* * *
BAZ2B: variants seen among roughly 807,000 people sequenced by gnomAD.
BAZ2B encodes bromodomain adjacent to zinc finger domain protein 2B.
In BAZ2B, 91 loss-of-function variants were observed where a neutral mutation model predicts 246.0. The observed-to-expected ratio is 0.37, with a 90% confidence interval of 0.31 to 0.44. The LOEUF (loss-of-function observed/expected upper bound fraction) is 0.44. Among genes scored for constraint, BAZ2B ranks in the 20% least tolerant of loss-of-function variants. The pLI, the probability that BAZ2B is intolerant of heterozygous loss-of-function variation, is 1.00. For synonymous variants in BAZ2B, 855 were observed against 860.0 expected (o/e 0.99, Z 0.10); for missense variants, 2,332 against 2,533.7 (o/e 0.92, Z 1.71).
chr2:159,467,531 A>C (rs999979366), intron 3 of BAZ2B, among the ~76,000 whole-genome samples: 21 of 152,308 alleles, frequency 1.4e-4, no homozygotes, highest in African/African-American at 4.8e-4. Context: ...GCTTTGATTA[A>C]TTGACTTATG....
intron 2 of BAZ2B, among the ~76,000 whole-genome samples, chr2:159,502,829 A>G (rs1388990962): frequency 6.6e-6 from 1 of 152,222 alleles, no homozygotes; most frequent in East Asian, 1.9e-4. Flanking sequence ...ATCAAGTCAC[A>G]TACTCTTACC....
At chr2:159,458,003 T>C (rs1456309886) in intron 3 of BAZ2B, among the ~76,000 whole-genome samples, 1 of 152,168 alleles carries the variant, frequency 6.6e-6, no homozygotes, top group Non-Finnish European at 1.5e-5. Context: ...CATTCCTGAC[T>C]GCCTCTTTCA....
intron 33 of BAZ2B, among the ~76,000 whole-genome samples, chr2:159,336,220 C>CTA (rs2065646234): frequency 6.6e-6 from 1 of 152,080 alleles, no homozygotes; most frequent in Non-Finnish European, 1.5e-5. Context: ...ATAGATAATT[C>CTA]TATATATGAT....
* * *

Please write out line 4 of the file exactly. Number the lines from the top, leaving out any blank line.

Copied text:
chr2:159,467,531 A>C (rs999979366), intron 3 of BAZ2B, among the ~76,000 whole-genome samples: 21 of 152,308 alleles, frequency 1.4e-4, no homozygotes, highest in African/African-American at 4.8e-4. Context: ...GCTTTGATTA[A>C]TTGACTTATG....